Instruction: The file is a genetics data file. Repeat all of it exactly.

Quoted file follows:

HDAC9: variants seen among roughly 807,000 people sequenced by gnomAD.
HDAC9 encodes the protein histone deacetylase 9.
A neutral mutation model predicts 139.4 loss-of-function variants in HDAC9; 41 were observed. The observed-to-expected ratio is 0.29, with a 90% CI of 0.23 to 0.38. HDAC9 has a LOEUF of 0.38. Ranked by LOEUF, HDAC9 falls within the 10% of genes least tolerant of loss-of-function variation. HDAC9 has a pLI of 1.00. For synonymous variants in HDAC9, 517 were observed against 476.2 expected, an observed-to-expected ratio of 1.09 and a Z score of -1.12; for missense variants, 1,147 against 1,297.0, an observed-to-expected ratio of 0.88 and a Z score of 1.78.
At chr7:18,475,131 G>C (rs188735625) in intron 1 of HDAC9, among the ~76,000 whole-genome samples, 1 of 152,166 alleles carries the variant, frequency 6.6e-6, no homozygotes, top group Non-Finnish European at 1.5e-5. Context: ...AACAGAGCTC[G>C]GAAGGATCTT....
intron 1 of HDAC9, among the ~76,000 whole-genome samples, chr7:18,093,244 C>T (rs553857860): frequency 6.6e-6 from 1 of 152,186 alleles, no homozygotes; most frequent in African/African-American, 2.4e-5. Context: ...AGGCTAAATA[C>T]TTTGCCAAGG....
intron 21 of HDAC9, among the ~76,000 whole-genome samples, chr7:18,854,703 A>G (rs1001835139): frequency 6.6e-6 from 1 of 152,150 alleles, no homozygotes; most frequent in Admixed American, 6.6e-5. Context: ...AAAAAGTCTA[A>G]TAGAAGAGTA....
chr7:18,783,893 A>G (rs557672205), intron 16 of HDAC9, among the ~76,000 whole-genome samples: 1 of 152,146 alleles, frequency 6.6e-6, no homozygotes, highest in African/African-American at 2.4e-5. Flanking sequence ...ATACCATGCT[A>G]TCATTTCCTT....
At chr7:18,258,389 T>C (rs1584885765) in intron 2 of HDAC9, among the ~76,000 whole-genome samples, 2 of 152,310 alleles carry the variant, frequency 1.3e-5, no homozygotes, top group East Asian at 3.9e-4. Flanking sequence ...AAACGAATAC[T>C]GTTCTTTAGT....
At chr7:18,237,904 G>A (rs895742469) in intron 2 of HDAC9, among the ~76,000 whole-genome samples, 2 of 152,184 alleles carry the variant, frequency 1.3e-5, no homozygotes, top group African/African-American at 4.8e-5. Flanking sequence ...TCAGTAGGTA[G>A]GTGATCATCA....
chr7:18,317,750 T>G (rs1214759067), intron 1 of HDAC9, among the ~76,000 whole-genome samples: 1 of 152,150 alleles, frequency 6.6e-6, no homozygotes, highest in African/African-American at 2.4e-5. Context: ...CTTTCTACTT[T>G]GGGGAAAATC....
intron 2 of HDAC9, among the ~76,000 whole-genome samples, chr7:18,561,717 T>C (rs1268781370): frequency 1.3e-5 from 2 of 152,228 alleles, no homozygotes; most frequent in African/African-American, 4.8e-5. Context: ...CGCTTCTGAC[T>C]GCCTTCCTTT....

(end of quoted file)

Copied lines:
HDAC9: variants seen among roughly 807,000 people sequenced by gnomAD.
HDAC9 encodes the protein histone deacetylase 9.
A neutral mutation model predicts 139.4 loss-of-function variants in HDAC9; 41 were observed. The observed-to-expected ratio is 0.29, with a 90% CI of 0.23 to 0.38. HDAC9 has a LOEUF of 0.38. Ranked by LOEUF, HDAC9 falls within the 10% of genes least tolerant of loss-of-function variation. HDAC9 has a pLI of 1.00. For synonymous variants in HDAC9, 517 were observed against 476.2 expected, an observed-to-expected ratio of 1.09 and a Z score of -1.12; for missense variants, 1,147 against 1,297.0, an observed-to-expected ratio of 0.88 and a Z score of 1.78.
At chr7:18,475,131 G>C (rs188735625) in intron 1 of HDAC9, among the ~76,000 whole-genome samples, 1 of 152,166 alleles carries the variant, frequency 6.6e-6, no homozygotes, top group Non-Finnish European at 1.5e-5. Context: ...AACAGAGCTC[G>C]GAAGGATCTT....
intron 1 of HDAC9, among the ~76,000 whole-genome samples, chr7:18,093,244 C>T (rs553857860): frequency 6.6e-6 from 1 of 152,186 alleles, no homozygotes; most frequent in African/African-American, 2.4e-5. Context: ...AGGCTAAATA[C>T]TTTGCCAAGG....
intron 21 of HDAC9, among the ~76,000 whole-genome samples, chr7:18,854,703 A>G (rs1001835139): frequency 6.6e-6 from 1 of 152,150 alleles, no homozygotes; most frequent in Admixed American, 6.6e-5. Context: ...AAAAAGTCTA[A>G]TAGAAGAGTA....
chr7:18,783,893 A>G (rs557672205), intron 16 of HDAC9, among the ~76,000 whole-genome samples: 1 of 152,146 alleles, frequency 6.6e-6, no homozygotes, highest in African/African-American at 2.4e-5. Flanking sequence ...ATACCATGCT[A>G]TCATTTCCTT....
At chr7:18,258,389 T>C (rs1584885765) in intron 2 of HDAC9, among the ~76,000 whole-genome samples, 2 of 152,310 alleles carry the variant, frequency 1.3e-5, no homozygotes, top group East Asian at 3.9e-4. Flanking sequence ...AAACGAATAC[T>C]GTTCTTTAGT....
At chr7:18,237,904 G>A (rs895742469) in intron 2 of HDAC9, among the ~76,000 whole-genome samples, 2 of 152,184 alleles carry the variant, frequency 1.3e-5, no homozygotes, top group African/African-American at 4.8e-5. Flanking sequence ...TCAGTAGGTA[G>A]GTGATCATCA....
chr7:18,317,750 T>G (rs1214759067), intron 1 of HDAC9, among the ~76,000 whole-genome samples: 1 of 152,150 alleles, frequency 6.6e-6, no homozygotes, highest in African/African-American at 2.4e-5. Context: ...CTTTCTACTT[T>G]GGGGAAAATC....
intron 2 of HDAC9, among the ~76,000 whole-genome samples, chr7:18,561,717 T>C (rs1268781370): frequency 1.3e-5 from 2 of 152,228 alleles, no homozygotes; most frequent in African/African-American, 4.8e-5. Context: ...CGCTTCTGAC[T>C]GCCTTCCTTT....